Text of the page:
Image captionRaynaud’s disease – Matthew Clavey, Thermal Vision Research
From multicoloured scans of parts of the human body to vivid photos of creatures up close, the finalists of the annual Wellcome Image Awards have been announced.
The thermal image above shows the temperature of two people’s hands – a healthy person on the left, and someone with Raynaud’s disease on the right.
Both hands were put in cold water for two minutes before being imaged. The healthy hand then warmed at a considerably faster rate.
“This image is striking because it shows so vividly the difference between normal circulation and the poor circulation of someone with Raynaud’s disease – triggered by cold temperature, stress and anxiety,” says head of Wellcome Images and chair of the judging panel, Catherine Draycott.
Scroll down to see the other 19 finalists.
Wiring the human brain
Alfred Anwander, Max Planck Institute for Human Cognitive and Brain Sciences
A kaleidoscope of colour reveals a map of pathways inside the brain of a young healthy adult.
Different parts of the brain communicate with each other through nerve fibres – which are colour-coded here.
Using a type of magnetic resonance imaging – or MRI – the image was created from mapping virtual slices of the brain, from top to bottom, tracking the direction and movement of water molecules.
“We felt it captured the essence of the technique whilst giving a picture of the living brain,” says Catherine Draycott.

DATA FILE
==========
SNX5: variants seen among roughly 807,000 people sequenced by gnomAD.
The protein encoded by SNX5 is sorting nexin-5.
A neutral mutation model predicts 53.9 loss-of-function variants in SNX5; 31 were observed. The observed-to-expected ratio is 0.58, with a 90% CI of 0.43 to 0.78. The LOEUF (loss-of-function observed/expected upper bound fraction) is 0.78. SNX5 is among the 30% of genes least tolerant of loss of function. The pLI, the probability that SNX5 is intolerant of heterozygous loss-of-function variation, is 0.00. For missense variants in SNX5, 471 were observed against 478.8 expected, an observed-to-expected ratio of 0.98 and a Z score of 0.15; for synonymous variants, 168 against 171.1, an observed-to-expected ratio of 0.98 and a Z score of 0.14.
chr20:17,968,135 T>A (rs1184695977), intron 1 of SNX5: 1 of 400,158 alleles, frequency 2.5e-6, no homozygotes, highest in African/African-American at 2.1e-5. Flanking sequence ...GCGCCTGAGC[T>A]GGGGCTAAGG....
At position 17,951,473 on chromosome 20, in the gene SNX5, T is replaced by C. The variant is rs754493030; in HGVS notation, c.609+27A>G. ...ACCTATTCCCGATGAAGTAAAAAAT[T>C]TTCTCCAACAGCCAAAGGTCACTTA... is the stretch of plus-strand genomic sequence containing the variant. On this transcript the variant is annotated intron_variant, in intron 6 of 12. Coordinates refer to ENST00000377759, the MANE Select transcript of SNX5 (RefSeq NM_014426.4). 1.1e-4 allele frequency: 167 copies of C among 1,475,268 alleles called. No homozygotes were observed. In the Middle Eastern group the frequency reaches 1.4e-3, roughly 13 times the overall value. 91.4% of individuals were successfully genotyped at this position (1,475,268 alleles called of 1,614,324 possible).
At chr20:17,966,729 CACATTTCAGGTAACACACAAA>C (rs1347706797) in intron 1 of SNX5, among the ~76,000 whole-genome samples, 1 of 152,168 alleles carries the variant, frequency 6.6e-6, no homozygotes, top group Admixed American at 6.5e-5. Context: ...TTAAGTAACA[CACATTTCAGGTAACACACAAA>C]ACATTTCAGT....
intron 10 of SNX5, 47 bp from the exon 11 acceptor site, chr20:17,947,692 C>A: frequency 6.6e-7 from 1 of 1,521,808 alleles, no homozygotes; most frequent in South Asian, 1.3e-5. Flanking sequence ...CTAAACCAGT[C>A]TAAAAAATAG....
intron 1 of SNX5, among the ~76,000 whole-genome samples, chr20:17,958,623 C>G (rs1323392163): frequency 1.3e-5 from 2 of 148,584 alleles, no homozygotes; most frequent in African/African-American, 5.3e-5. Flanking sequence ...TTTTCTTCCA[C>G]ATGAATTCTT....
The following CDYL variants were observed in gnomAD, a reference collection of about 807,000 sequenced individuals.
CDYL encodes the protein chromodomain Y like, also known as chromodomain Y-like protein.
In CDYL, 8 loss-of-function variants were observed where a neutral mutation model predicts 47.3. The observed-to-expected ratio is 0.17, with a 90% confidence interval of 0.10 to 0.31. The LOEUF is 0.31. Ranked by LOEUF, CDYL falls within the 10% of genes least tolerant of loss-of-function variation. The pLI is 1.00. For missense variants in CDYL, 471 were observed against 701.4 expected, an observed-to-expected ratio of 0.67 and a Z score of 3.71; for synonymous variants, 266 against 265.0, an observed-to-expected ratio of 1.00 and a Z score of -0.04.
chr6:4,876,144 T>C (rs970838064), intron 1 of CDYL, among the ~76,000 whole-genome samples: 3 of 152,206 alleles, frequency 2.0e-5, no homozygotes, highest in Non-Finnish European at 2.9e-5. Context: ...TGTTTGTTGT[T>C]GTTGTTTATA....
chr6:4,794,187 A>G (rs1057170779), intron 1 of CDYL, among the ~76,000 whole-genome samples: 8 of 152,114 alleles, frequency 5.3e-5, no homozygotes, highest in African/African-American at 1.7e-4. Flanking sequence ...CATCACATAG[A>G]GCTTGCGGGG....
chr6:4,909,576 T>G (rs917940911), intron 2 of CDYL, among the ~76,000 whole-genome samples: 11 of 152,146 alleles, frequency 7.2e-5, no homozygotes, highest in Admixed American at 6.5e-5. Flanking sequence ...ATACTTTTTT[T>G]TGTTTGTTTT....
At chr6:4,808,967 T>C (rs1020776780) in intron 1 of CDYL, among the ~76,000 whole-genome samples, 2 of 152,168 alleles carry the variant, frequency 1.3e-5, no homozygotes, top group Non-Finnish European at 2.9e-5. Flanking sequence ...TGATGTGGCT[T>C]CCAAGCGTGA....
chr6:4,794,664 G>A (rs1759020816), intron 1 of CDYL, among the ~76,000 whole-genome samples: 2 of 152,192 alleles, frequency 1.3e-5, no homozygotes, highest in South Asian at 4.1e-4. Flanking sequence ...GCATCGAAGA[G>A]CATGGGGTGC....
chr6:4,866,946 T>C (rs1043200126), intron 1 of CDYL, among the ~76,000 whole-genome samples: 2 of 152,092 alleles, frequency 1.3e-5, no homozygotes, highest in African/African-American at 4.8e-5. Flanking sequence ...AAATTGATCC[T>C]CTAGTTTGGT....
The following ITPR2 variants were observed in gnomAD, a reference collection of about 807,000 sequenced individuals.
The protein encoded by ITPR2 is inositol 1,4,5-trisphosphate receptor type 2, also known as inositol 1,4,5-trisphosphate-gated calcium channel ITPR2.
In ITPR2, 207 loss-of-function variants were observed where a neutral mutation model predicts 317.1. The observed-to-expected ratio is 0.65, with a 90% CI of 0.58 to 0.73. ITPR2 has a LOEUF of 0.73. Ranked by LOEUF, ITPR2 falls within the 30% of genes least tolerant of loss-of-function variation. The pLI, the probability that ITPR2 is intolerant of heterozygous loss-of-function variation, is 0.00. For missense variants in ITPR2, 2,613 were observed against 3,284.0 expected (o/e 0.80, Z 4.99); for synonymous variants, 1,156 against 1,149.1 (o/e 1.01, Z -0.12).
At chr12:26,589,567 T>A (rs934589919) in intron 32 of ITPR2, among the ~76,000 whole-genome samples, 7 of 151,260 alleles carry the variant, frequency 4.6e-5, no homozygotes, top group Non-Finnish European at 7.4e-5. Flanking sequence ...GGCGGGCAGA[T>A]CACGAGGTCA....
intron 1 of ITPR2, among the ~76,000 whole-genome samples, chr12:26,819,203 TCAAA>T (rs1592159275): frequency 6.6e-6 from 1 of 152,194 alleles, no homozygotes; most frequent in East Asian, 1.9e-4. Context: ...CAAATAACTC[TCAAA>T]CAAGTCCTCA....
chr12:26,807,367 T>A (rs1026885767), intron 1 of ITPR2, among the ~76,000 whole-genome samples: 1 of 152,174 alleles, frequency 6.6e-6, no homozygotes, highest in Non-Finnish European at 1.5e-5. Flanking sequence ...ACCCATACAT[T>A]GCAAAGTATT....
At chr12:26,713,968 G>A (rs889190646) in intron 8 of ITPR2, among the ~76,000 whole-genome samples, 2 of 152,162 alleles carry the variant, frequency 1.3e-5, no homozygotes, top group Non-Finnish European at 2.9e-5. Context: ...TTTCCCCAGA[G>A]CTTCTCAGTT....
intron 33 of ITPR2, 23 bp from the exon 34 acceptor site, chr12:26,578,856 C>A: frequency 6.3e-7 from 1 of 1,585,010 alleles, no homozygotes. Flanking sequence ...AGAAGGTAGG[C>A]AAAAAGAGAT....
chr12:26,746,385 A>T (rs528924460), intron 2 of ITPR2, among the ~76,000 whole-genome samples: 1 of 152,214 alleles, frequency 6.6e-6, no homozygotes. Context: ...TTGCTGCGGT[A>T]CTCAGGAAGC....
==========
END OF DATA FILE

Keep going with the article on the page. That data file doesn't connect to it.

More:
Black henna allergy
Nicola Kelley, Cardiff and Vale University Hospital NHS Trust
“Here you can see a black henna tattoo on the forearm of a young woman who has suffered an allergic reaction to the dye,” explains Dirk Pilat, medical director for e-Learning at the Royal College of GPs, and a GP himself.
“It’s beautifully lit and shows the translucence of the skin that’s been raised in blisters, capturing the early stage of the reaction.”
Dye from the henna plant is commonly used to temporarily stain skin or hair orange-brown, but chemical dyes can be added to turn the colour black.
Human stem cell
Sílvia A Ferreira, Cristina Lopo and Eileen Gentleman, King’s College London
“This is a scanning electron micrograph of a stem cell taken from the bone marrow inside the hip bone of a healthy person,” explains Robin Lovell-Badge, a Wellcome awards judge and head of stem cell biology and developmental genetics at the Francis Crick Institute.
“This really stood out, we found the natural symmetry alongside the very subtle colouring very striking. It’s lovely and sharp.”
Stem cells can divide to make some of the other types of cells found in the body.
This one is about 15 micrometres (0.015mm) across – and before the image could be taken, it was first frozen at cryogenic temperatures (lower than −150C or −238F).
Dividing stem cell in the brain
Paula Alexandre, University College London
This swirling pattern shows different stages of a stem cell splitting in two inside the brain of a zebrafish before it hatches.
The circle is about 250 micrometres (0.25mm) wide, and covers a time period of nine hours.